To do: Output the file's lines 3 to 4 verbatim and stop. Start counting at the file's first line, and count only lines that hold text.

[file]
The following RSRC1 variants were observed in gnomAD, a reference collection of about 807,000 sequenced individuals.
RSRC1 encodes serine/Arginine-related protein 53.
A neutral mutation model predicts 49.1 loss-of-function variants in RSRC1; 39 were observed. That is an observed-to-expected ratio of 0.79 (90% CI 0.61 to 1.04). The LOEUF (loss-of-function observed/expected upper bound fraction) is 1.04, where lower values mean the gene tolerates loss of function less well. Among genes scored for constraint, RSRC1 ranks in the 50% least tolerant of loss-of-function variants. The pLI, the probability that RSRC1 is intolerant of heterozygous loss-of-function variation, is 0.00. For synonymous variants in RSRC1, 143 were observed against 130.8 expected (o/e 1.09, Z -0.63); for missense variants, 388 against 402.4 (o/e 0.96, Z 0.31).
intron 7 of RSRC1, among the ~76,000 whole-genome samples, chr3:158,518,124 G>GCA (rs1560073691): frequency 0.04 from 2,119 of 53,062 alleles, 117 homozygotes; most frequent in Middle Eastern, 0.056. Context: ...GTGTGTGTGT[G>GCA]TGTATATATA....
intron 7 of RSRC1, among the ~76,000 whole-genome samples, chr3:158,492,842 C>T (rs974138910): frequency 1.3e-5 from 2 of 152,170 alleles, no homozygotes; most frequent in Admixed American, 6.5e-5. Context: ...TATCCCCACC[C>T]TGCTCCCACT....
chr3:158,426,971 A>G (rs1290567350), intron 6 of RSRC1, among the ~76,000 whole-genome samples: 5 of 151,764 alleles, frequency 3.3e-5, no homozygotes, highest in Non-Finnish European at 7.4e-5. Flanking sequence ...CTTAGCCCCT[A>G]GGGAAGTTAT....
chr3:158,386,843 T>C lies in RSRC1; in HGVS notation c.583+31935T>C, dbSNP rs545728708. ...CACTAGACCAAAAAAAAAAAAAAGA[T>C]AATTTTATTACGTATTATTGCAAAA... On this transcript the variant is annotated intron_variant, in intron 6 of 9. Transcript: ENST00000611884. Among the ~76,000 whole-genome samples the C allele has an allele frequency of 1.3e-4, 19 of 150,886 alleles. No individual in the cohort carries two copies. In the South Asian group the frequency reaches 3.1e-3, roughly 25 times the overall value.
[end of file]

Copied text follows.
A neutral mutation model predicts 49.1 loss-of-function variants in RSRC1; 39 were observed. That is an observed-to-expected ratio of 0.79 (90% CI 0.61 to 1.04). The LOEUF (loss-of-function observed/expected upper bound fraction) is 1.04, where lower values mean the gene tolerates loss of function less well. Among genes scored for constraint, RSRC1 ranks in the 50% least tolerant of loss-of-function variants. The pLI, the probability that RSRC1 is intolerant of heterozygous loss-of-function variation, is 0.00. For synonymous variants in RSRC1, 143 were observed against 130.8 expected (o/e 1.09, Z -0.63); for missense variants, 388 against 402.4 (o/e 0.96, Z 0.31).
intron 7 of RSRC1, among the ~76,000 whole-genome samples, chr3:158,518,124 G>GCA (rs1560073691): frequency 0.04 from 2,119 of 53,062 alleles, 117 homozygotes; most frequent in Middle Eastern, 0.056. Context: ...GTGTGTGTGT[G>GCA]TGTATATATA....